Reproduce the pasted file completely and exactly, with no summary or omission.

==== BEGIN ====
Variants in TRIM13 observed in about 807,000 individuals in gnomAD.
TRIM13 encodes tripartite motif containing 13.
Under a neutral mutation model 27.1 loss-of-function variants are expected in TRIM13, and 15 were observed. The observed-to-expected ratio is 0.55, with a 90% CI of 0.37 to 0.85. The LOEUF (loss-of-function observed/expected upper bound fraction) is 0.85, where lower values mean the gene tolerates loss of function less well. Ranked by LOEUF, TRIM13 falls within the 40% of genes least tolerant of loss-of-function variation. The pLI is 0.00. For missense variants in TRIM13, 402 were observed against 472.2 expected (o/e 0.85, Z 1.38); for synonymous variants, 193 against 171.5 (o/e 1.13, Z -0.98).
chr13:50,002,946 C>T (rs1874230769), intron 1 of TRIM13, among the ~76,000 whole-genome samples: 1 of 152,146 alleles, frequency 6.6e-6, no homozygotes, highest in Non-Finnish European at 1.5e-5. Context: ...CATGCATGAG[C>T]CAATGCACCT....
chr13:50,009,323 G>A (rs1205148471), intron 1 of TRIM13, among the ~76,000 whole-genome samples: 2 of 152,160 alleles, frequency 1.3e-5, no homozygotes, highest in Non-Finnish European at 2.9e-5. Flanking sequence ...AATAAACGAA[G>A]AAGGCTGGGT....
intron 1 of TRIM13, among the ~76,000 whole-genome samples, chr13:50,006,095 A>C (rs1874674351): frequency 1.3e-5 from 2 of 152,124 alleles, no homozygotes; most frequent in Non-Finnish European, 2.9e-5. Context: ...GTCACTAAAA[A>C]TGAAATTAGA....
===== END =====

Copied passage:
Variants in TRIM13 observed in about 807,000 individuals in gnomAD.
TRIM13 encodes tripartite motif containing 13.
Under a neutral mutation model 27.1 loss-of-function variants are expected in TRIM13, and 15 were observed. The observed-to-expected ratio is 0.55, with a 90% CI of 0.37 to 0.85. The LOEUF (loss-of-function observed/expected upper bound fraction) is 0.85, where lower values mean the gene tolerates loss of function less well. Ranked by LOEUF, TRIM13 falls within the 40% of genes least tolerant of loss-of-function variation. The pLI is 0.00. For missense variants in TRIM13, 402 were observed against 472.2 expected (o/e 0.85, Z 1.38); for synonymous variants, 193 against 171.5 (o/e 1.13, Z -0.98).
chr13:50,002,946 C>T (rs1874230769), intron 1 of TRIM13, among the ~76,000 whole-genome samples: 1 of 152,146 alleles, frequency 6.6e-6, no homozygotes, highest in Non-Finnish European at 1.5e-5. Context: ...CATGCATGAG[C>T]CAATGCACCT....
chr13:50,009,323 G>A (rs1205148471), intron 1 of TRIM13, among the ~76,000 whole-genome samples: 2 of 152,160 alleles, frequency 1.3e-5, no homozygotes, highest in Non-Finnish European at 2.9e-5. Flanking sequence ...AATAAACGAA[G>A]AAGGCTGGGT....
intron 1 of TRIM13, among the ~76,000 whole-genome samples, chr13:50,006,095 A>C (rs1874674351): frequency 1.3e-5 from 2 of 152,124 alleles, no homozygotes; most frequent in Non-Finnish European, 2.9e-5. Context: ...GTCACTAAAA[A>C]TGAAATTAGA....